HC Deb 17 February 1888 vol 322 cc713-5
MR. FLYNN (Cork, N.)

asked the Chief Secretary to the Lord Lieutenant of Ireland, Whether he has been informed of the fact that the Chief Magistrate of Cork, the Mayor of that City, was sentenced on Tuesday, 14th instant, by two Resident Magistrates, under the Crimes Act, to a fortnight's imprisonment, for an alleged assault upon a police constable; whether the assault was of a purely technical character, and occurred while the Mayor was engaged in trying to preserve the peace of the City, and no violence of any kind whatever was used by the Mayor; whether he has seen a report of the evidence of the High Sheriff of the City and of the borough engineer, who stated that the Mayor acted in the interests of Peace and the preservation of order; whether he is aware that the said constable (Sergeant Knox) was for a time an inmate of a lunatic asylum; and, furthermore, that the Resident Magistrates refused to state a case for a superior Court, or to increase the sentence for purpose of an appeal, or to express an opinion that the Mayor should be treated as a first-class misdemeanant; and, whether, under these circumstances, and considering the position of the prisoner, he will cause immediate inquiry to be made into the action of the Resident Magistrates, and, pending such inquiry, order his release?


(who replied) said: The case against the Mayor of Cork was not an assault of a purely technical character; but one of gross interference with a police sergeant in the discharge of his duty in the public street, and in presence of a large crowd. I have not seen a report of evidence that the Mayor acted in the matter as alleged. Upwards of six years ago the sergeant was admitted as a patient when suffering from a paroxysm of grief through domestic affliction; but the Resident Medical Superintendent subsequently certified that he had not been able to discover the slightest trace of insanity. The Court refused to state a case, as they considered the application frivolous and that no question of law was involved. The Court considered the ends of justice were satisfied by the sentence imposed, and therefore refused to increase it. They likewise declined to make any order as to whether the Mayor should be treated as a first-class misdemeanant. The Government see no reason to interfere.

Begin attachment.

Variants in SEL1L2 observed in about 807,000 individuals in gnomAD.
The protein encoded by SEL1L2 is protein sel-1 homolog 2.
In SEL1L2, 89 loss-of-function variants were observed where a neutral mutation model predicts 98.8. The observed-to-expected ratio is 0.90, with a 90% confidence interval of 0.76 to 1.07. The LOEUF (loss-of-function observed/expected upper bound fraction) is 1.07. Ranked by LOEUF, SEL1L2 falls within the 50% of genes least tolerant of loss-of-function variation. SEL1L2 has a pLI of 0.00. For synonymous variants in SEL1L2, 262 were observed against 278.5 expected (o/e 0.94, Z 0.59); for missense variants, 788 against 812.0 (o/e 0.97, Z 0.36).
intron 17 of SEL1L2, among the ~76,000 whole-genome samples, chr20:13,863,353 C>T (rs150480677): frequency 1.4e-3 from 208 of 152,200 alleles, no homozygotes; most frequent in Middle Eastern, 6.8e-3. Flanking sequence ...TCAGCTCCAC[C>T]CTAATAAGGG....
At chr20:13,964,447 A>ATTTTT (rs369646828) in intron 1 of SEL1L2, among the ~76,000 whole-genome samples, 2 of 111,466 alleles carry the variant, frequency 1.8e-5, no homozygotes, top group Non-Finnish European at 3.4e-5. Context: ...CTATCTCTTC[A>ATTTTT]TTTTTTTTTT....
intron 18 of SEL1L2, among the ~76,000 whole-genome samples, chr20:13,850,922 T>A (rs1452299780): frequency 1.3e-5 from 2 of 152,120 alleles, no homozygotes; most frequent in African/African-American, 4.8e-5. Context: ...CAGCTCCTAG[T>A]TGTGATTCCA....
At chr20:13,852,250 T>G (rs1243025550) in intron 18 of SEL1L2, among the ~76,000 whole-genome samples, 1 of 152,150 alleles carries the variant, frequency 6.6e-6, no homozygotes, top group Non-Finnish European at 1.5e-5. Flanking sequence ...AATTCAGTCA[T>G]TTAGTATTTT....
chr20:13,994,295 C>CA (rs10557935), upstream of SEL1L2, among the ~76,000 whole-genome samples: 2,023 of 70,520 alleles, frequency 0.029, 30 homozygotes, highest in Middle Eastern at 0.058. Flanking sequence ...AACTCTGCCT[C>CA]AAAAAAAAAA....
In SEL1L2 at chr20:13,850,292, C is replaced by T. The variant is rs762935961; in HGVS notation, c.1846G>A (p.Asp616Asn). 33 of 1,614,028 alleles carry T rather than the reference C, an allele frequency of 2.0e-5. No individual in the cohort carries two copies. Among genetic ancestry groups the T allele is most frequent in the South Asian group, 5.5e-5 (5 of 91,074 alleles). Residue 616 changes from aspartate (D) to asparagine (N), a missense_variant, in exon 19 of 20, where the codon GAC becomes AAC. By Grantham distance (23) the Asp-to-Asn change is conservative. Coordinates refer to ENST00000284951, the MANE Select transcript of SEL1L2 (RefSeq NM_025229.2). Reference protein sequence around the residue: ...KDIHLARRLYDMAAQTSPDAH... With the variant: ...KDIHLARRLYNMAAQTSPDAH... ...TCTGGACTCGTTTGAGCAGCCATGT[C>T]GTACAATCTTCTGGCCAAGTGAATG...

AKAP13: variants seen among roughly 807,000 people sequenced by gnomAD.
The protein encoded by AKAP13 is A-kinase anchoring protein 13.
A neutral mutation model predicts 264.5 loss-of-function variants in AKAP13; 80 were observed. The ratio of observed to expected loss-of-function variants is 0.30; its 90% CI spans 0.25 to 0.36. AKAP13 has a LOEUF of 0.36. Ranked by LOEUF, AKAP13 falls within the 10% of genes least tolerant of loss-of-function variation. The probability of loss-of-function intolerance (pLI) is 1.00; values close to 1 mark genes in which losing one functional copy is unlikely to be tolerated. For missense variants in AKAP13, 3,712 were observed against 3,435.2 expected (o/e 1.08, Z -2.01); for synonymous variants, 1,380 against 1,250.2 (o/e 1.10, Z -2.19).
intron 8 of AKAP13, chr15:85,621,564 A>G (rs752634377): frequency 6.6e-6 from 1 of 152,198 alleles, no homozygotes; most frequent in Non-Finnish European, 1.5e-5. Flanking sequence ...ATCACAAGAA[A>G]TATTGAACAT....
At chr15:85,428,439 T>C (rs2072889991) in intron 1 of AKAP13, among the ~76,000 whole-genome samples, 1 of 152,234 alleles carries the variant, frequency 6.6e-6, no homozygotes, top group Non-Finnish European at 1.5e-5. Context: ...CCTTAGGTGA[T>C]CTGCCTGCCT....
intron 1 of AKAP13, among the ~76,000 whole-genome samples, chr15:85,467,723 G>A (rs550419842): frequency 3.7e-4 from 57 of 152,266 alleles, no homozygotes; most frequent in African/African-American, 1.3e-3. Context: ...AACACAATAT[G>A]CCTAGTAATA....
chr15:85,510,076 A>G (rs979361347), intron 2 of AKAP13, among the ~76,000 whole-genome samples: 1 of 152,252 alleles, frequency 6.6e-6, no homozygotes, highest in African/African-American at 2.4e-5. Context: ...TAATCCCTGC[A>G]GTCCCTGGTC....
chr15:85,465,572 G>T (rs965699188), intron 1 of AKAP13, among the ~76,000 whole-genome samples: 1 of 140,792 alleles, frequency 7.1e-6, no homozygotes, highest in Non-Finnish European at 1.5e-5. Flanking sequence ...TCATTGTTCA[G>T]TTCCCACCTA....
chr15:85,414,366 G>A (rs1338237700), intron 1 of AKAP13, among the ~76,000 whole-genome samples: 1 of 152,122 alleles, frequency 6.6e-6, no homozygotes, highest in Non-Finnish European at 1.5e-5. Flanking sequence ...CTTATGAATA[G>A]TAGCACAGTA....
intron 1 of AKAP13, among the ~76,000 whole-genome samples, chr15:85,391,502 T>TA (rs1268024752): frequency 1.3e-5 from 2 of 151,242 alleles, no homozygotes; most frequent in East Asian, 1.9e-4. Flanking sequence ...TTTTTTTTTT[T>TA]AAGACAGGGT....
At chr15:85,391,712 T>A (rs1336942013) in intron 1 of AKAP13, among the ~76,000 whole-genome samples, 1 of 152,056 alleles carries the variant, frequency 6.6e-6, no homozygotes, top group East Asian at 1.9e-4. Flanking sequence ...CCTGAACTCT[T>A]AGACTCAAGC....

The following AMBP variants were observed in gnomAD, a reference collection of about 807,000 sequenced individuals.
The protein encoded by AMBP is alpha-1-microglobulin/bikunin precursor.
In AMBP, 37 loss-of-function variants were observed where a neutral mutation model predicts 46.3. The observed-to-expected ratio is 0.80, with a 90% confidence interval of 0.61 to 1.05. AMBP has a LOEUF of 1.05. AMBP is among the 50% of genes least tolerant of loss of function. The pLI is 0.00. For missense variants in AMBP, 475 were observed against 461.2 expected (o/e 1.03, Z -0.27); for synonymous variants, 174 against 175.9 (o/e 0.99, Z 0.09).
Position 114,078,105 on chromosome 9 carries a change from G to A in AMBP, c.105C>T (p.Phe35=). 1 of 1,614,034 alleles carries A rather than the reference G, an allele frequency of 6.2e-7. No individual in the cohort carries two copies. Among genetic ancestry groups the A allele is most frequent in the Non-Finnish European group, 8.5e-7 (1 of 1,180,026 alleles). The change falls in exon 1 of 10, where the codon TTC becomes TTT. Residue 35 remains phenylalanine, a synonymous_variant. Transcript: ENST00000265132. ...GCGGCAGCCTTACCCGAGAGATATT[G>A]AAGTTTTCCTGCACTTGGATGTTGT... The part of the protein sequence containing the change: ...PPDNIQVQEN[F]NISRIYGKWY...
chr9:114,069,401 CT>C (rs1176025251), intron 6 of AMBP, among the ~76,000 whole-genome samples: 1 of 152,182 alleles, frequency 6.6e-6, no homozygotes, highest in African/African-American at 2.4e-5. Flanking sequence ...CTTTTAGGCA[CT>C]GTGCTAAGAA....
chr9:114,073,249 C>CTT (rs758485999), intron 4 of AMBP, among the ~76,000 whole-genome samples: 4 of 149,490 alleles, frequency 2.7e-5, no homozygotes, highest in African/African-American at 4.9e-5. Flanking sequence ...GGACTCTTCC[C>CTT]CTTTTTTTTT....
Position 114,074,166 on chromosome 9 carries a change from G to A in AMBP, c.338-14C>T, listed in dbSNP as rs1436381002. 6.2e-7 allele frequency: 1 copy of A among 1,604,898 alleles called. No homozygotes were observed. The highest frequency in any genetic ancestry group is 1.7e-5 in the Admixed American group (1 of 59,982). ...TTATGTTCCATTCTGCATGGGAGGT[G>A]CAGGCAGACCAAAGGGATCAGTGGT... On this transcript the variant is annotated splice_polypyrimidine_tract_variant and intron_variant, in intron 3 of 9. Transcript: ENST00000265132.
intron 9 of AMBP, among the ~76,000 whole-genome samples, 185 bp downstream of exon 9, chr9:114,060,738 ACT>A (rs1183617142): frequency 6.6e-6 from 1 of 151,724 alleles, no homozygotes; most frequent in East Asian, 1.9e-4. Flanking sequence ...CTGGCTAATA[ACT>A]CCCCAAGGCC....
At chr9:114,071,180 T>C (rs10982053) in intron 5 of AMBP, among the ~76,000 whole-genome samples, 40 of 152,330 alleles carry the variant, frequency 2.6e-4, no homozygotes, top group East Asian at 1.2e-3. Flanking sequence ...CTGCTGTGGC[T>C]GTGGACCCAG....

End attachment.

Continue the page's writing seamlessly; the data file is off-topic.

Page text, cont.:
asked why the Mayor was not tried under the ordinary Petty Sessions Act before the ordinary Courts, or why civil proceedings were not taken against him? Why was he tried before two Resident Magistrates under the Crimes Act?


The hon. Gentleman had better give notice of that Question.

DR. TANNER (Cork Co., Mid.)

asked, if it was a fact that the constable had previously been committed to a lunatic asylum on the evidence of two medical men, who stated that he had endeavoured to take his life, and was prevented by his men, and that he was discovered at night in a field trying to feed the cow of the Clerk of the Peace with bulls-eyes?


Order, order!